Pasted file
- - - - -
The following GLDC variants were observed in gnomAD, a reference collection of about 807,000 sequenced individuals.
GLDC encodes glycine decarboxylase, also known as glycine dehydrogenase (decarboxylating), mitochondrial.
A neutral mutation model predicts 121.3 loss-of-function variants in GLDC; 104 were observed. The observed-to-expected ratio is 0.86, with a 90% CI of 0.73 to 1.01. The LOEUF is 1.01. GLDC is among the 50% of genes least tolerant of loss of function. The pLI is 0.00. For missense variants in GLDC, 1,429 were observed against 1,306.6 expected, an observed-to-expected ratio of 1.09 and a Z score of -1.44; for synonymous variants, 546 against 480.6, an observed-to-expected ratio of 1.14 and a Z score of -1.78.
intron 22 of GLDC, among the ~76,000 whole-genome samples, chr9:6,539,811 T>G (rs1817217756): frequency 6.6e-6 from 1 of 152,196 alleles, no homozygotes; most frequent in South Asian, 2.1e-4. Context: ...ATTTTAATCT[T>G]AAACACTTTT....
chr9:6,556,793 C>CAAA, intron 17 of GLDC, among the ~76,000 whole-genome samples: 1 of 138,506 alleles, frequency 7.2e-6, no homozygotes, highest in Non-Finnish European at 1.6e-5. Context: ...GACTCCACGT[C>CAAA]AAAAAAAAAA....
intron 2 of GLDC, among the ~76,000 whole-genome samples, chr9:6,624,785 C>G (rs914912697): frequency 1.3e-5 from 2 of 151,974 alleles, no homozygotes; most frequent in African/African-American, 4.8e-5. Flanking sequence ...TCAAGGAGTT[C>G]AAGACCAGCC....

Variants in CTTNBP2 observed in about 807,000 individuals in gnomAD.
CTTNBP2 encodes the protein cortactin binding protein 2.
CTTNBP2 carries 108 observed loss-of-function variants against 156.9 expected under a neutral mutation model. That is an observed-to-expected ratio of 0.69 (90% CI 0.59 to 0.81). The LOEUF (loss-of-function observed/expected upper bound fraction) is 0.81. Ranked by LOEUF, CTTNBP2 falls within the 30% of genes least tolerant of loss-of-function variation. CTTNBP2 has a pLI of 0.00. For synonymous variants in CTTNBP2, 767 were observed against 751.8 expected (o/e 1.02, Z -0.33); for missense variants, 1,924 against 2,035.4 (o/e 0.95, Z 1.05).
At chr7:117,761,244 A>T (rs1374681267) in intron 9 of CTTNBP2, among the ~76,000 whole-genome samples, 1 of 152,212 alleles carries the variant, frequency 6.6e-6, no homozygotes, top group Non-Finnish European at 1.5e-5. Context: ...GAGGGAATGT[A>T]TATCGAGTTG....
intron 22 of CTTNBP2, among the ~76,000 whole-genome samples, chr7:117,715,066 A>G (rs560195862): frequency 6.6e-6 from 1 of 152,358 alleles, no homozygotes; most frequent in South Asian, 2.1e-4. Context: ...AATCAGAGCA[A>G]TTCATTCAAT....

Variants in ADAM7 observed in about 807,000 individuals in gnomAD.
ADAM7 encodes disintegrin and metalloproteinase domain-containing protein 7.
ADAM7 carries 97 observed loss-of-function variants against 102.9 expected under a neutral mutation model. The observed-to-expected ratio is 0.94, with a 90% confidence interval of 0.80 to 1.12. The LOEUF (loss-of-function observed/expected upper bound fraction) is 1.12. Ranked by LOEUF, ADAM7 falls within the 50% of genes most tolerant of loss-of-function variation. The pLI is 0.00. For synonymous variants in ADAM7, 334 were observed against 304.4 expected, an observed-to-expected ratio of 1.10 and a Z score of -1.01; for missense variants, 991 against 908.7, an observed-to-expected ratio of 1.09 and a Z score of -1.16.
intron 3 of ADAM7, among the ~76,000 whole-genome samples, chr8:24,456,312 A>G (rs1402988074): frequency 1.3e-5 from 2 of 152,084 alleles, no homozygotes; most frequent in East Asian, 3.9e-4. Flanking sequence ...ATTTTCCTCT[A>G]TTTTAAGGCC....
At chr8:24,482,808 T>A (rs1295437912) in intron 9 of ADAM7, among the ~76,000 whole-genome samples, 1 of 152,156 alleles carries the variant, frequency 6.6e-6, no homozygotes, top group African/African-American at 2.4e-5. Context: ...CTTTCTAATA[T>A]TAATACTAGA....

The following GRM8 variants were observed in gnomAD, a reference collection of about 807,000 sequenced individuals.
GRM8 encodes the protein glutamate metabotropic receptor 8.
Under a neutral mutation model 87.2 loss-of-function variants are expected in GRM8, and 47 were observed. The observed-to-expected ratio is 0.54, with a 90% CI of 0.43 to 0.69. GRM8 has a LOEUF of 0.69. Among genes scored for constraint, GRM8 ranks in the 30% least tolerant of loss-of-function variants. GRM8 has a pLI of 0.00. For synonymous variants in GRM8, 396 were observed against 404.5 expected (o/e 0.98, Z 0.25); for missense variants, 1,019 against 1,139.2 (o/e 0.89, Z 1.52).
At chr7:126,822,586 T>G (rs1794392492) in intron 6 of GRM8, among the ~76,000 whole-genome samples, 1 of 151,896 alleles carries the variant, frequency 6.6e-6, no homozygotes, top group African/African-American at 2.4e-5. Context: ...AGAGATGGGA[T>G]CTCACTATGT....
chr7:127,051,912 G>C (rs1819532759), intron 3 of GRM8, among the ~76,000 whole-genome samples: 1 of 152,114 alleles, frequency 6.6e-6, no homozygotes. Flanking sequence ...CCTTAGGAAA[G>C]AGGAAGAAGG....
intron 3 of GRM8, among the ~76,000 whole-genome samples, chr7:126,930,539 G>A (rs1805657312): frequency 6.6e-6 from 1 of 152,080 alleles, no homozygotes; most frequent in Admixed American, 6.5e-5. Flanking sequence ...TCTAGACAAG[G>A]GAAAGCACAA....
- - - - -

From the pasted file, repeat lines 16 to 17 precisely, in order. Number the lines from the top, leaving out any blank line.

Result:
At chr8:24,482,808 T>A (rs1295437912) in intron 9 of ADAM7, among the ~76,000 whole-genome samples, 1 of 152,156 alleles carries the variant, frequency 6.6e-6, no homozygotes, top group African/African-American at 2.4e-5. Context: ...CTTTCTAATA[T>A]TAATACTAGA....

The following GRM8 variants were observed in gnomAD, a reference collection of about 807,000 sequenced individuals.